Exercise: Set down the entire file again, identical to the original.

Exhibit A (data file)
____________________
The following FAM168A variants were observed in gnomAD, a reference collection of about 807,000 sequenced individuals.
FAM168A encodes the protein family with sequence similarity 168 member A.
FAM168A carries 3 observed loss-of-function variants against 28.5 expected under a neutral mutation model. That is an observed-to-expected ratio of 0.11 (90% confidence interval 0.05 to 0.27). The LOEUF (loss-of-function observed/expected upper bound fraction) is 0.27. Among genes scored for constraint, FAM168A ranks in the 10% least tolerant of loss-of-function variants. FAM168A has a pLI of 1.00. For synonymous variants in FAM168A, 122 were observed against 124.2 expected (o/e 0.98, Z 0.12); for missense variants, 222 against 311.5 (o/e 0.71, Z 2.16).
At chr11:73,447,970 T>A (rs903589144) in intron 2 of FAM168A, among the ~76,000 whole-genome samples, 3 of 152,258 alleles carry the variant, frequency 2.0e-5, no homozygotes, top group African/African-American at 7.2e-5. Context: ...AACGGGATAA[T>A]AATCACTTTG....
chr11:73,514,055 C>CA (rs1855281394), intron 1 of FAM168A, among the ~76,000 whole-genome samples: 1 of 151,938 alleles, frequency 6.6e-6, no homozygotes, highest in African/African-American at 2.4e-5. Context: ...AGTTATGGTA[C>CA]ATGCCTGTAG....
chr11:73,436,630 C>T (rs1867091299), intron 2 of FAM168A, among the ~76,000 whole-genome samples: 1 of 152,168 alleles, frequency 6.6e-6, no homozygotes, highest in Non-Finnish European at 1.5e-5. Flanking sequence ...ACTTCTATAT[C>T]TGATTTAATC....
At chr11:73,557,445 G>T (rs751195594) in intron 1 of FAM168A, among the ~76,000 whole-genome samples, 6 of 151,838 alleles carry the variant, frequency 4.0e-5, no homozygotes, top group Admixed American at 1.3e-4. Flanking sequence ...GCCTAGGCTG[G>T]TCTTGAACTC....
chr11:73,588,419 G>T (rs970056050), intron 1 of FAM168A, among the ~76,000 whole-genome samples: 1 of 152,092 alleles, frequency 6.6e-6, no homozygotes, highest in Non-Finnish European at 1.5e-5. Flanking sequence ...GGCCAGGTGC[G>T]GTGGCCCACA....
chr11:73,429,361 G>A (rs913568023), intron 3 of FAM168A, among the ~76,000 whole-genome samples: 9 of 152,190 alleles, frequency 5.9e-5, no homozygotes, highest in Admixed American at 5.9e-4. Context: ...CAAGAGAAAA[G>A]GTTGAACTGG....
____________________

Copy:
The following FAM168A variants were observed in gnomAD, a reference collection of about 807,000 sequenced individuals.
FAM168A encodes the protein family with sequence similarity 168 member A.
FAM168A carries 3 observed loss-of-function variants against 28.5 expected under a neutral mutation model. That is an observed-to-expected ratio of 0.11 (90% confidence interval 0.05 to 0.27). The LOEUF (loss-of-function observed/expected upper bound fraction) is 0.27. Among genes scored for constraint, FAM168A ranks in the 10% least tolerant of loss-of-function variants. FAM168A has a pLI of 1.00. For synonymous variants in FAM168A, 122 were observed against 124.2 expected (o/e 0.98, Z 0.12); for missense variants, 222 against 311.5 (o/e 0.71, Z 2.16).
At chr11:73,447,970 T>A (rs903589144) in intron 2 of FAM168A, among the ~76,000 whole-genome samples, 3 of 152,258 alleles carry the variant, frequency 2.0e-5, no homozygotes, top group African/African-American at 7.2e-5. Context: ...AACGGGATAA[T>A]AATCACTTTG....
chr11:73,514,055 C>CA (rs1855281394), intron 1 of FAM168A, among the ~76,000 whole-genome samples: 1 of 151,938 alleles, frequency 6.6e-6, no homozygotes, highest in African/African-American at 2.4e-5. Context: ...AGTTATGGTA[C>CA]ATGCCTGTAG....
chr11:73,436,630 C>T (rs1867091299), intron 2 of FAM168A, among the ~76,000 whole-genome samples: 1 of 152,168 alleles, frequency 6.6e-6, no homozygotes, highest in Non-Finnish European at 1.5e-5. Flanking sequence ...ACTTCTATAT[C>T]TGATTTAATC....
At chr11:73,557,445 G>T (rs751195594) in intron 1 of FAM168A, among the ~76,000 whole-genome samples, 6 of 151,838 alleles carry the variant, frequency 4.0e-5, no homozygotes, top group Admixed American at 1.3e-4. Flanking sequence ...GCCTAGGCTG[G>T]TCTTGAACTC....
chr11:73,588,419 G>T (rs970056050), intron 1 of FAM168A, among the ~76,000 whole-genome samples: 1 of 152,092 alleles, frequency 6.6e-6, no homozygotes, highest in Non-Finnish European at 1.5e-5. Flanking sequence ...GGCCAGGTGC[G>T]GTGGCCCACA....
chr11:73,429,361 G>A (rs913568023), intron 3 of FAM168A, among the ~76,000 whole-genome samples: 9 of 152,190 alleles, frequency 5.9e-5, no homozygotes, highest in Admixed American at 5.9e-4. Context: ...CAAGAGAAAA[G>A]GTTGAACTGG....